The recruitment of employees is generally permissible (see BGH GRUR 2006, 426 - Direct Approach in the Workplace). The recruiting company may also proceed systematically, hire headhunters or personnel consultants, and is not required to consider the number or position of the recruited employees. It is also generally acceptable to obtain knowledge of the business processes of a competing company through targeted hiring of its employees.
This is justified by the fact that every entrepreneur can protect their employees through the agreement of contractual non-compete clauses (§ 75 f. HGB).
However, it is necessary for additional circumstances to be present, meaning that the recruiting party pursues reprehensible purposes or employs reprehensible methods. For example, it is unfair if the recruitment is done with the intention to hinder the competitor. It is evident that proving an intention to hinder in practice poses difficulties.
It will be affirmed if the recruiting company has no need for the recruited employee or if it recruits employees from a competing company without regard for the labor market, i.e., disregarding applications from other employed or unemployed candidates.
4.9. Inducing Breach of Contract
It is generally unfair to induce employees of other companies to breach their contracts. Breach of contract occurs, for example, when a forced termination is provoked or when an existing (and known) non-compete clause is violated. It is considered sufficient that the decision of the recruited employee is confirmed by the competitor. Therefore, it is not necessary for the competitor to actively encourage the breach of contract.
In the literature, however, there is a discussion as to whether mere inducement to breach the contract is sufficient or whether further measures (e.g., pressuring the employee by providing an extremely short period for consideration or disparaging the current employer) are required.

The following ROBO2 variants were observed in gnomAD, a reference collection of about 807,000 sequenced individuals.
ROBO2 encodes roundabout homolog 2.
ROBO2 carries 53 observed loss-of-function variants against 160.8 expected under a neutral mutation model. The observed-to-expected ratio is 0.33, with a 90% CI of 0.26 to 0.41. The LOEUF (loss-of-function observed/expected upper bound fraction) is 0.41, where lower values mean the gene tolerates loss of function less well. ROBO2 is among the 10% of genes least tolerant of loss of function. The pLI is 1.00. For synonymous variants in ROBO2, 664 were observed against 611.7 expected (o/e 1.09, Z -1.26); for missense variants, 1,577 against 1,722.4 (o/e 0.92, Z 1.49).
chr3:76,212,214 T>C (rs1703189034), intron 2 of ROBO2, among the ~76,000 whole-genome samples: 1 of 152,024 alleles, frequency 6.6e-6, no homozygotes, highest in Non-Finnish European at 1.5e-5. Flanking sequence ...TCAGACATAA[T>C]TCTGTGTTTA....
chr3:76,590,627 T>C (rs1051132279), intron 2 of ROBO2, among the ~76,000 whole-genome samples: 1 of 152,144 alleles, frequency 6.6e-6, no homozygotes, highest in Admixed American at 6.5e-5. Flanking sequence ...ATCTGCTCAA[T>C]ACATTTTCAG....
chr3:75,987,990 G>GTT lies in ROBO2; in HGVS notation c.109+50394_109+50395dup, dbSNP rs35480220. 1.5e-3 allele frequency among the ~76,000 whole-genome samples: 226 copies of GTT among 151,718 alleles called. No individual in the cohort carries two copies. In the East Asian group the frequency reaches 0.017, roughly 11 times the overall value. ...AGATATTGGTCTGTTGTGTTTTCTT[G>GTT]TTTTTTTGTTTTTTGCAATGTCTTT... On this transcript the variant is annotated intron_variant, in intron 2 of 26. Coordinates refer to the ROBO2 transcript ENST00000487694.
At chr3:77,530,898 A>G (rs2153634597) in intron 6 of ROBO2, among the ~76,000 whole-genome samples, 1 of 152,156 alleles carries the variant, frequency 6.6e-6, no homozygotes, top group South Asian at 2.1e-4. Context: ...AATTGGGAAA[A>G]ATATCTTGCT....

4.10. Direct Approach in the Workplace?
Personally and unsolicitedly visiting an employee at their home or workplace is unfair. However, it is permissible to call an employee at their workplace as long as the call is limited to a brief description of the matter and the agreement to arrange a callback.
A brief phone conversation to establish contact at the workplace is permissible.
On the other hand, it is not permissible to already inquire about the candidate's resume during this phone call (BGH GRUR 2008, 262, para. 13 Direct Approach in the Workplace III).
(Arbitration) claims for damages may exist against the recruited competitor.
5. What happens in case of a violation?
In the event of a violation, the company may face a costly warning letter or even expensive legal proceedings in the form of a restraining order and/or an action for injunction.
Not only competitors are entitled to take these steps. Consumer protection organizations, interest groups, and chambers of commerce and industry can also penalize certain violations.
As a victim of defamation, libel, or insult (§§ 185 ff. StGB), you can also take legal action against this criminally. You should file a complaint. The public prosecutor’s office then has the option to initiate an investigation and clarify the criminal offense.
Through access to files at the public prosecutor’s office, we can also gain important insights that may be relevant to the civil proceedings.
6. Conclusion on the Legal Situation
The legal situation regarding competition is quite clear. The task of an entrepreneur is to develop unique products and behave fairly in their marketing efforts. This applies to both competing companies and the target audience, i.e., consumers.
Especially for young companies, rapid establishment is desired, and they often employ intensive and sometimes aggressive marketing strategies. This is understandable and, to some extent, justifiable as long as the legal framework is respected and adhered to.
But beware: The Law against Unfair Competition (UWG) should not be misused, for example, to unjustifiably discredit a competitor.
Complaints must be genuinely justified. If the complaints serve only the purpose of burdening a competitor with high costs for lawyers and warnings, they can and will be dismissed by the competent court.
7. Unfair Competition: Better Consult an Attorney
The legislator has established clear regulations when it comes to unfair competition. If you have a legitimate impression that one of your competitors is violating the principles of fair competition and the UWG, it is best to consult a specialist attorney directly.
Even if you are suspected of engaging in unfair competition, it is worth seeking advice from an attorney specializing in competition law!
With their knowledge of the legal framework and their experience, they can assess the situation accurately and provide you with guidance and assistance to ensure that your rights are protected.